Reviewed by subxerogravity 9 / 10

Well...Maybe if the rules did apply to Warren Beatty, this would have been a better flick.

'RULES DON'T APPLY': Four Stars (Out of Five)The new comedy-drama-romance from writer/director/star Warren Beatty; Beatty hasn't directed (or written) a film since 1998's 'BULWORTH', and he hasn't starred in a movie since 2001's 'TOWN & COUNTRY'. In this film he plays the very eccentric, and extremely mentally ill, billionaire Howard Hughes. The movie tells the story of an aspiring young actress, and her driver (who both work for Hughes), that begin a forbidden love affair (forbidden by Hughes). Beatty directed the film and co-wrote it, with Bo Goldman (who also co-wrote such epic dramas as'ONE FLEW OVER THE CUCKOO'S NEST' and 'SCENT OF A WOMAN'). The movie also costars Alden Ehrenreich (the new Han Solo), Lily Collins, Matthew Broderick, Annette Bening, Haley Bennett, Candice Bergen, Alec Baldwin, Oliver Platt and Martin Sheen. It's received mixed reviews from critics, and it bombed at the Box Office. I liked it though. Marla Mabrey (Collins) was an aspiring actress, that moved to Hollywood (in 1958) to work for Howard Hughes (Beatty). Mabrey was a devout baptist, from Virginia, that had never done so much as have a drink of alcohol, or engage in premarital sex. She was accompanied by her strict mother, Lucy (Bening). Right away Mabrey and her driver, Frank Forbes (Ehrenreich), are immediately attracted to each other. Frank has a fiancé though, and an affair between the two is strictly prohibited (by their employer, Hughes). Hughes' bizarre quirks, and severe mental struggles, also cause challenges for their relationship. The movie is pretty interesting, and quite entertaining, at first; then it loses it's way a little, but it does come to a pretty satisfying conclusion. The performances are all good, especially Beatty in the lead; Ehrenreich and Bennett (two very promising up- and-coming actors, that I really like right now) are also good, but severely underused. Beatty's direction is adequate enough, but the script definitely could have used a few more rewrites. I still found the film to be mostly amusing, and somewhat interesting. Howard Hughes was a very fascinating person though, that deserves a much better movie ('THE AVIATOR' was much better).Watch our movie review show 'MOVIE TALK' at:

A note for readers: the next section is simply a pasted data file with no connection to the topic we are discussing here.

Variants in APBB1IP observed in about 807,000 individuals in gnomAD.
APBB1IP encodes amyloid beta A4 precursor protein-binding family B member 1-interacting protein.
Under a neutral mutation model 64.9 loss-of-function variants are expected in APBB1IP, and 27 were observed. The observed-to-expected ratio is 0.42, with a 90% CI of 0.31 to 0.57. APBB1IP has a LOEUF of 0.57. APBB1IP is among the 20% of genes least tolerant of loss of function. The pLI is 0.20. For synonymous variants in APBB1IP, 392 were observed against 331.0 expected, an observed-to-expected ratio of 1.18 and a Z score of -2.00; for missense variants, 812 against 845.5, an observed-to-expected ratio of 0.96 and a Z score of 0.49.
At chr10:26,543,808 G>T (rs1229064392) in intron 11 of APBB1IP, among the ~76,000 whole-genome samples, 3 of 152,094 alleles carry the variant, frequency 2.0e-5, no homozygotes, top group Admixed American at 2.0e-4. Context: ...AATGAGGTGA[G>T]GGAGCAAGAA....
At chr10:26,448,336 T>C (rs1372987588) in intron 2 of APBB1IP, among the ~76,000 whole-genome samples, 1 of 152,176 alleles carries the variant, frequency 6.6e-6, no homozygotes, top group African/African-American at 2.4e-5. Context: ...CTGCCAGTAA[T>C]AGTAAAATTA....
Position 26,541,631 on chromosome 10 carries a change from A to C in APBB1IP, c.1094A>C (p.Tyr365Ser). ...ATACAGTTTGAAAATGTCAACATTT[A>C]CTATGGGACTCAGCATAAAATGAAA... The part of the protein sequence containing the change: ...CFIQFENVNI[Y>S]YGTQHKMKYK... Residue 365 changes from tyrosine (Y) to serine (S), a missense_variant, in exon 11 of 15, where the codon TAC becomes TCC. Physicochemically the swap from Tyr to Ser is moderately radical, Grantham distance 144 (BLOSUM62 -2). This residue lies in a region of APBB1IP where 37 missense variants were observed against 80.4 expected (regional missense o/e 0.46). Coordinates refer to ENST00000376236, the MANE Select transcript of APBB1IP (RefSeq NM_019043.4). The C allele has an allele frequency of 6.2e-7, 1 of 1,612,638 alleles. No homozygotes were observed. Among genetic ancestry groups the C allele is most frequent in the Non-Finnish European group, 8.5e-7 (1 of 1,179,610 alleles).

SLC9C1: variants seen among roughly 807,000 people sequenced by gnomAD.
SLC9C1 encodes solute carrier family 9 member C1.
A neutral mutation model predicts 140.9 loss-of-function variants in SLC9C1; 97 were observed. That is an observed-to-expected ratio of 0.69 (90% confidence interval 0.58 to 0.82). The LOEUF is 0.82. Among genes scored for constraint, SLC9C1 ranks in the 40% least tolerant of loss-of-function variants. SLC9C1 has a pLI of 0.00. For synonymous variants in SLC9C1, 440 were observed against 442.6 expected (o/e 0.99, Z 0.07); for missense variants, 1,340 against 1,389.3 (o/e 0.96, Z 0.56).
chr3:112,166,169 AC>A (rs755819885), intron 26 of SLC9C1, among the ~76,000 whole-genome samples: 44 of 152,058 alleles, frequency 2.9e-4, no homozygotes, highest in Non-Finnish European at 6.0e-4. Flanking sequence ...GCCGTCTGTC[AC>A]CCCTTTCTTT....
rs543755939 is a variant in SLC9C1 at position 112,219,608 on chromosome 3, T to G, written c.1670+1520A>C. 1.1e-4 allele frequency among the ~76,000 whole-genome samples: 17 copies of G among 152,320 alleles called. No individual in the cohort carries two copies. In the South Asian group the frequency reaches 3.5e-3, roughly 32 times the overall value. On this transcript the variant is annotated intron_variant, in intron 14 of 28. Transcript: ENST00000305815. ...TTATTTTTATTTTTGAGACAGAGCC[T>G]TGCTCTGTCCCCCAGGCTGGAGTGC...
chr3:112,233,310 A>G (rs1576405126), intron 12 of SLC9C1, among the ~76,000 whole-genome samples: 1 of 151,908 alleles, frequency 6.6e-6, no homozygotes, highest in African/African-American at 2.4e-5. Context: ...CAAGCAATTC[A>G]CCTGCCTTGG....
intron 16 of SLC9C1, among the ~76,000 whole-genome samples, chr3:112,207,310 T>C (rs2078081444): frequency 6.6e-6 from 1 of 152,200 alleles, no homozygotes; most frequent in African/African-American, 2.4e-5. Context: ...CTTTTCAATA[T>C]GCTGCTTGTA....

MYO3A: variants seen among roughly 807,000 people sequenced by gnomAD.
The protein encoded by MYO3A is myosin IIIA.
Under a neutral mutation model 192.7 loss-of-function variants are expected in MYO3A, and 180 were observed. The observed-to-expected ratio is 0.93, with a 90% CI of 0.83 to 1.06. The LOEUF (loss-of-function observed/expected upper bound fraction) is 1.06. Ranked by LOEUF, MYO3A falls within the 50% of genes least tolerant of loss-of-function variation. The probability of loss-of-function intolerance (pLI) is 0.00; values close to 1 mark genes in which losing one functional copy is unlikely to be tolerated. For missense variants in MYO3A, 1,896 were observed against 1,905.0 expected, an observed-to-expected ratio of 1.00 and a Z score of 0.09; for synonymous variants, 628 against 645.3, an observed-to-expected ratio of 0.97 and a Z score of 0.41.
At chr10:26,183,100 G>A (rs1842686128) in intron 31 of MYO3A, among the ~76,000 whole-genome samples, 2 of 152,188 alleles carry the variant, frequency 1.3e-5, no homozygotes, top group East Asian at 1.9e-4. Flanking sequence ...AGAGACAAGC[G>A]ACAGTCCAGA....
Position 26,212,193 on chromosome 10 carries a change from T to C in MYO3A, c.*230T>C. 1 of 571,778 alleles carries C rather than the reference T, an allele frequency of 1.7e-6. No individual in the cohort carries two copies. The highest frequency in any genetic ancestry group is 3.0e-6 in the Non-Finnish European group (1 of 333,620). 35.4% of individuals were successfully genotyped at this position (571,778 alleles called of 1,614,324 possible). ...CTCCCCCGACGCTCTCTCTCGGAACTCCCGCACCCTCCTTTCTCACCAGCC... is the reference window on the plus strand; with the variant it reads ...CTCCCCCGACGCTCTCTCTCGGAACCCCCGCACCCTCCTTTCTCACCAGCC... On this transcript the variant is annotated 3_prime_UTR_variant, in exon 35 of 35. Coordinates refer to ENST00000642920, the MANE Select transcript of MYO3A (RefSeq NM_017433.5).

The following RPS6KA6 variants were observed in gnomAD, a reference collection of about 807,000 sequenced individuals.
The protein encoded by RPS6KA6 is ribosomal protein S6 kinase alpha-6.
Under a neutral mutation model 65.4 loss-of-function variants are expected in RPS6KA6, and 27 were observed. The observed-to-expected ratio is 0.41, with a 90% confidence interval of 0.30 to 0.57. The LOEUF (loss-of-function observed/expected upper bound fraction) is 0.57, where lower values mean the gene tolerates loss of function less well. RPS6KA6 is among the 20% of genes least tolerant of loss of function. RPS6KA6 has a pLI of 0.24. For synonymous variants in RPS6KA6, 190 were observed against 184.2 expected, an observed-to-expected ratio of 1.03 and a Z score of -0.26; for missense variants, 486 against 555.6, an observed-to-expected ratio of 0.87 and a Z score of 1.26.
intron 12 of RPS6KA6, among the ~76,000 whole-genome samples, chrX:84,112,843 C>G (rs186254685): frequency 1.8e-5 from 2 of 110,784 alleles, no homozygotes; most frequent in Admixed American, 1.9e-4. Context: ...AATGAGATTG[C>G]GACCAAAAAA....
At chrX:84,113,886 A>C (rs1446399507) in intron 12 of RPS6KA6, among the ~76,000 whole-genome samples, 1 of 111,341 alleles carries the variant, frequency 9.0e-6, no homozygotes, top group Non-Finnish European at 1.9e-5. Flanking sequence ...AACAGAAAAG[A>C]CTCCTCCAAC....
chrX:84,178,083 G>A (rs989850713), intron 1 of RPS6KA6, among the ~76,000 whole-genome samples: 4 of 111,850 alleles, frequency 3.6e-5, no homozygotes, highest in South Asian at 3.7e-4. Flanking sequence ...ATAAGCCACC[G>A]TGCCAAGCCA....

Reviewed by Hellmant 9 / 10

Mostly amusing.

*** This review may contain spoilers ***